Buildings in the National Register of Historic Places
Tulsa Convention Hall
105 West Brady Street (map it)
"The Old Lady of Brady," as it gradually came to be called, was billed as the largest hall between Kansas City and Houston. This convention hall accommodated Tulsa’s first grand opera, the first International Petroleum Exposition in 1923, and the flood of refugees from Tulsa’s infamous Race Riot of 1921. The convention hall was built at a cost of $125,000. It is a four-story, barn-like building of steel, masonry, and brick, measuring 130 x 160 feet over-all. Seating capacity was approximately 4,200 people, including 1,400 in the balcony. The stage was 70 feet wide and 40 feet deep with a 50 x 20 foot proscenium arch.
Unusual features of the hall included a 13-foot forward slope to the stage and jacks or "screws" that raised the floor at the back of the auditorium. Both were designed to create better sightlines between theater performers and theater-goers. When completed, the Convention Hall was hailed as a magnificent building boasting the only municipal pipe organ west of the Allegheny Mountains and paid for by popular subscription.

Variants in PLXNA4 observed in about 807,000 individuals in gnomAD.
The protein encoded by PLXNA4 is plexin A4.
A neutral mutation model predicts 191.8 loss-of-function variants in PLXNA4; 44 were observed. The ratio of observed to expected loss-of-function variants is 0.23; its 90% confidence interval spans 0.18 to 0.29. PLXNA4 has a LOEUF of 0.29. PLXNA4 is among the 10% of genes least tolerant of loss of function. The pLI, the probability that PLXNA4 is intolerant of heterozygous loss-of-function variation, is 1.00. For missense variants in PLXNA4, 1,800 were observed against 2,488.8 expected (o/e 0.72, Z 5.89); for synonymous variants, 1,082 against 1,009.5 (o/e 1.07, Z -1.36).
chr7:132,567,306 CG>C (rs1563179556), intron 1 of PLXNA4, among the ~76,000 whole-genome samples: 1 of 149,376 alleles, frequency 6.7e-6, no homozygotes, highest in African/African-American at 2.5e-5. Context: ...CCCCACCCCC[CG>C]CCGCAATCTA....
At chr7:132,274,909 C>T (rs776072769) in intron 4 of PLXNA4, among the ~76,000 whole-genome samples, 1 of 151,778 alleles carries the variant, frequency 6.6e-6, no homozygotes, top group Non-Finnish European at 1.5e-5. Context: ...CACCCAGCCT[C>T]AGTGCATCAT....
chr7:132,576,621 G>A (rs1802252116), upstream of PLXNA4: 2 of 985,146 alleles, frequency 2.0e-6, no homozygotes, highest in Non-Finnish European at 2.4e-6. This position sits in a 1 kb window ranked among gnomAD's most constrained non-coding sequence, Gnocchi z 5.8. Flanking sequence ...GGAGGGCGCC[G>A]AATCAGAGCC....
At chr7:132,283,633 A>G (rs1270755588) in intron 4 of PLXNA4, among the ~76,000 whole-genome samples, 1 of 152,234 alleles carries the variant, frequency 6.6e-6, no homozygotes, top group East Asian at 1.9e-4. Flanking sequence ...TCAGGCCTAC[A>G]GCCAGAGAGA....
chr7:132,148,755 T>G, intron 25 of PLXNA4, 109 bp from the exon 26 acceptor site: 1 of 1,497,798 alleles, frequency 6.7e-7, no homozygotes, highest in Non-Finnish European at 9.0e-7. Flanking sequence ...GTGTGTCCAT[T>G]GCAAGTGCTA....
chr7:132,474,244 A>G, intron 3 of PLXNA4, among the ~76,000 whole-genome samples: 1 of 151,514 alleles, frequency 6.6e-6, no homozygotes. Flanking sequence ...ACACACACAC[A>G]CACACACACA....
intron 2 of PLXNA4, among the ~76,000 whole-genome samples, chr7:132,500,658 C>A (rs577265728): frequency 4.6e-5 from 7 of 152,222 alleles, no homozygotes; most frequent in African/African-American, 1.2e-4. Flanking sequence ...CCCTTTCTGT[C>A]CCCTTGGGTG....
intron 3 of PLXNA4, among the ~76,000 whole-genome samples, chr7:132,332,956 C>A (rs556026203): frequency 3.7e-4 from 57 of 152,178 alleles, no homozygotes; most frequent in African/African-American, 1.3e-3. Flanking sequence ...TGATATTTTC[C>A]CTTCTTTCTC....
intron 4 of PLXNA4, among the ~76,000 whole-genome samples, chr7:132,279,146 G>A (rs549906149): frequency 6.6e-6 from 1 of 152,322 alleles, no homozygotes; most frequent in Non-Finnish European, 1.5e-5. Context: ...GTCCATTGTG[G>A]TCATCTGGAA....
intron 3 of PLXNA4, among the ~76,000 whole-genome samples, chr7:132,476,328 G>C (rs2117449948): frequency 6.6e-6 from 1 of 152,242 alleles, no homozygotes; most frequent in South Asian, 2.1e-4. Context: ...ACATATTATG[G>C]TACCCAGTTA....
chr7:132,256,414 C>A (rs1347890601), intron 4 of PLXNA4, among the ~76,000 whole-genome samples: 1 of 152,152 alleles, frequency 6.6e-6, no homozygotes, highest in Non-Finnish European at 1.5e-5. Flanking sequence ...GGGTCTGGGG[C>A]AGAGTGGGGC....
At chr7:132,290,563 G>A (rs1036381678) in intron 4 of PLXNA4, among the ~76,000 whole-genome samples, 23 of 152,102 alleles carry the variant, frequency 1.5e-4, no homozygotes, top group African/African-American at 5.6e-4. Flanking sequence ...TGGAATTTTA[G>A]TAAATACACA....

The Tulsa Convention Hall was listed in the Register on August 29, 1979. It was listed under National Register Criterion A, and its NRIS number is 79002028.